It took nearly a year and a $12.5 million discount, but David Rockefeller’s staid Upper East Side townhouse finally sold earlier this month to an anonymous limited liability company. The 40-foot-wide home, that was most recently owned by the former chairman and CEO of Chase Manhattan Corporation, was first listed for $32.5 million back in June 2017.
However, the price on the 9,777-square-foot abode was cut to $27 million by October and the property went into contract in February 2018. Alas, it ended up selling for just $20 million, to the highly nondescript 146 East 65, LLC. The new owner of the grand eight-bedroom home has finally been revealed and it’s none other than President Bill Clinton’s former advisor, Doug Band, according to the Wall Street Journal.
Band started out in the Clinton White House back in 1995, and worked alongside the former president from 2002 until 2012, helping with the formation of the Clinton Global Initiative and The Clinton Foundation. He resigned in 2012 and co-founded consulting firm Teneo Holdings shortly after; he is now president of the company.
Architect Mott Schmidt designed the 20-room house in 1924, and the Rockefellers brought him back to redo the interiors upon buying the property in 1948, according to the listing shared by Brown Harris Stevens brokers Mary Rutherfurd, Paula Del Nunzio and Leslie Coleman.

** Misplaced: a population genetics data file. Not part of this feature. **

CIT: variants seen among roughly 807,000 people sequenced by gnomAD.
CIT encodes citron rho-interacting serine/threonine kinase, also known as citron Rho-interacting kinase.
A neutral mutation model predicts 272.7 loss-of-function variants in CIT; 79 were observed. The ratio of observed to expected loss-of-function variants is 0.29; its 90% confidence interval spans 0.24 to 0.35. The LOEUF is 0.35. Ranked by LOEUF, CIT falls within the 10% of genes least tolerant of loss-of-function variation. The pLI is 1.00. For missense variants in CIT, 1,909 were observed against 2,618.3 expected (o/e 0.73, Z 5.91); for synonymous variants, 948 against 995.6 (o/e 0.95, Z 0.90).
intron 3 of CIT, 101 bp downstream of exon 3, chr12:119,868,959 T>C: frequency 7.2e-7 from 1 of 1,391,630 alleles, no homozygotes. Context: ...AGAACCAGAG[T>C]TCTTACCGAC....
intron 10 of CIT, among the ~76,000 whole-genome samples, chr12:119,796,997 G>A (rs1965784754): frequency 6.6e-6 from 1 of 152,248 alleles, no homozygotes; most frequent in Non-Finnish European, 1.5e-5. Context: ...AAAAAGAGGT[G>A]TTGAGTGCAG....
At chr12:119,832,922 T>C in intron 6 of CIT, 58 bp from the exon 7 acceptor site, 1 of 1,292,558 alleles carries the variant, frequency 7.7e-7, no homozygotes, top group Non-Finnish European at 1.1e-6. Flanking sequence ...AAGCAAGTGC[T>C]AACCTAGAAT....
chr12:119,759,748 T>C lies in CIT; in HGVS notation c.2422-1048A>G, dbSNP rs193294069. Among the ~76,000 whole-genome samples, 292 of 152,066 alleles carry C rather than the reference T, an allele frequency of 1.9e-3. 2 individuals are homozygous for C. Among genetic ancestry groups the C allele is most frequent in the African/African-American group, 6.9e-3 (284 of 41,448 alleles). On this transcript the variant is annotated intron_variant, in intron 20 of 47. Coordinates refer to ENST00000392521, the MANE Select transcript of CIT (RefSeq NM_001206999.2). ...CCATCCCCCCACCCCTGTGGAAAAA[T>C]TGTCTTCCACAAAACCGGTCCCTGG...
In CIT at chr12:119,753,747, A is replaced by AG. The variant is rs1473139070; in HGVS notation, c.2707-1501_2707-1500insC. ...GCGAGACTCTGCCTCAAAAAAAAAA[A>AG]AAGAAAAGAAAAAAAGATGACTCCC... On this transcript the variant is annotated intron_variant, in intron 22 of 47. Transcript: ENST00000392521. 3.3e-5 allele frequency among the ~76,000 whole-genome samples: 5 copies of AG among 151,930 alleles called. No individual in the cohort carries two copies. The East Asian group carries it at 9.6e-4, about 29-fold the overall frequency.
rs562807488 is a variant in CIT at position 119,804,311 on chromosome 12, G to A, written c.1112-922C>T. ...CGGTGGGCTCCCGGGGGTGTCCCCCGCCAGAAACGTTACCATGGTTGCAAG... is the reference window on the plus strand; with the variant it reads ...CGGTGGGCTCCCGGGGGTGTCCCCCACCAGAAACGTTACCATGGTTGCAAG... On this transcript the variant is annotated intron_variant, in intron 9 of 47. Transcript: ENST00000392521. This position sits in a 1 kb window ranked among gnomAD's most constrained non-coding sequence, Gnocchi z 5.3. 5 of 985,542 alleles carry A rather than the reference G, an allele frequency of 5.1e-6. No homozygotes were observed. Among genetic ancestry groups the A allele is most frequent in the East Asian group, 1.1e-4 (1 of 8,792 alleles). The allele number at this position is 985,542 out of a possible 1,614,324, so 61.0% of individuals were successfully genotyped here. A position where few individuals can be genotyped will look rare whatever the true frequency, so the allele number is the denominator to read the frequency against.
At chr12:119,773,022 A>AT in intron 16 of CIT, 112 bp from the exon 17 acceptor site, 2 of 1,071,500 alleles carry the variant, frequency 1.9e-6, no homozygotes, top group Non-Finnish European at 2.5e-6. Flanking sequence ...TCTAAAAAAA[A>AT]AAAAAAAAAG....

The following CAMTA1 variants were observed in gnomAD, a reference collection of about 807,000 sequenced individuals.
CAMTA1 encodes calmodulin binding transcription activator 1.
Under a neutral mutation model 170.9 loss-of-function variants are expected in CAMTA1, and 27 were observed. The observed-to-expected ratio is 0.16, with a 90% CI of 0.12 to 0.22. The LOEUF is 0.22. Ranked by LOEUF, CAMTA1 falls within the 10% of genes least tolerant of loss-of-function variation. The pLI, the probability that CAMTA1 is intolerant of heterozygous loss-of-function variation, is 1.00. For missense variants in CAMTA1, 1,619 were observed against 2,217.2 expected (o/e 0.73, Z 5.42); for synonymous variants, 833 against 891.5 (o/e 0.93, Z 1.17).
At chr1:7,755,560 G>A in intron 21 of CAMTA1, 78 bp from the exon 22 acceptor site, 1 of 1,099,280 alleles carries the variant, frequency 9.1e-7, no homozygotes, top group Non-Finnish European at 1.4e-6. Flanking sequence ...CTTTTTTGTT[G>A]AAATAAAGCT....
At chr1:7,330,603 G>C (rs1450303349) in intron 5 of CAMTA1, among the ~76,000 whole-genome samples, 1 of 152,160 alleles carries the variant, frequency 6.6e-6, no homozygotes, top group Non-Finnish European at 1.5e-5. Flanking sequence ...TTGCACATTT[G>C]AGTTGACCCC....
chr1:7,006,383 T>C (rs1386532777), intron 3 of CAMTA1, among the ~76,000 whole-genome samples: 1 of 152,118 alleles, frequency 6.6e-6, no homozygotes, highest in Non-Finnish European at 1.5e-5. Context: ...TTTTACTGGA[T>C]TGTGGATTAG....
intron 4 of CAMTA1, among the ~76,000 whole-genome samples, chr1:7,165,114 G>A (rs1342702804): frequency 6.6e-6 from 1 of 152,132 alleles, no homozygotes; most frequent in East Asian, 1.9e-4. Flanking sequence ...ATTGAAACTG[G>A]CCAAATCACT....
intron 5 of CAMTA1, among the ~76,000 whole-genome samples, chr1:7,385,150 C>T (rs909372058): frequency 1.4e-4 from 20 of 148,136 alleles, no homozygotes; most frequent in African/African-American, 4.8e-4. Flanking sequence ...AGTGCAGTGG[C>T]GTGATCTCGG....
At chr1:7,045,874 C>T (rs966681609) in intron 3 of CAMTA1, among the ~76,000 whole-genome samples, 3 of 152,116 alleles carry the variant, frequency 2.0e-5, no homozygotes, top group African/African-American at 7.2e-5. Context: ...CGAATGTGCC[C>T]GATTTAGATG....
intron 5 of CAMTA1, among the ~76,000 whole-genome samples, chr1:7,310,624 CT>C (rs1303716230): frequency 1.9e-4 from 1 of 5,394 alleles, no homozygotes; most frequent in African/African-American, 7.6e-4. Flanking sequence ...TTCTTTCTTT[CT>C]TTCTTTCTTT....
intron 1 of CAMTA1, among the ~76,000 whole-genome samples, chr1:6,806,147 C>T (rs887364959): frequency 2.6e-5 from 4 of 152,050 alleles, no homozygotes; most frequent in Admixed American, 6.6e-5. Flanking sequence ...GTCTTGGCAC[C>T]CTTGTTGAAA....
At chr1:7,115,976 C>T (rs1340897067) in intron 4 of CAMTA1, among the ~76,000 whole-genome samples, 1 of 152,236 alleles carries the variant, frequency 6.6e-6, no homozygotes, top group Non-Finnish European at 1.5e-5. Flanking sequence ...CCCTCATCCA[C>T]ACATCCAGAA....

Rockefeller, a grandson of Standard Oil co-founder John D. Rockefeller, and his late wife, Peggy, owned 146 East 65th Street for 69 years. The home was offered for sale in March 2017, just two months after Rockefeller passed away.
The townhome has a Colonial Revival style facade and is comprised of four floors and a full basement, all of which are accessible by either a red-carpeted spiral staircase or an internal elevator. Prior to Band’s purchase, the décor reflected a decidedly traditional aesthetic, at least per the listing photos, with plenty of Persian rugs, ornate light fixtures, dark wood furniture and gilded mirrors.
The formal dining room, which overlooks the private garden outside, has a dark green carpet, with yellow floral walls and a marble fireplace. The wood-paneled library has a built-in bookshelf and yet another fireplace—there are a total of eight throughout the mansion.
There’s also a temperature-controlled wine vault, in addition to exactly six staff rooms.
The Rockefellers famously adorned this home with various paintings by Matisse, Picasso and Cézanne, as well as an assortment of 18th-century furniture and porcelain. The majority of these pieces will be sold at Christie’s on May 8, in an auction aptly titled The Collection of Peggy and David Rockefeller; proceeds from the sales will benefit charity. That lot includes the Picasso’s bullfighting series that hung in the entry of this home, alongside a George II armchair. A pair of Meissen porcelain golden orioles models, originally in the dining room, is estimated to fetch between $10,000 and $15,000.
And, of course, there are the aforementioned paintings, which are expected to bring in millions. Indeed, Christie’s believes that bidding on Picasso’s Young Girl With a Flower Basket should be between $90 million and $120 million.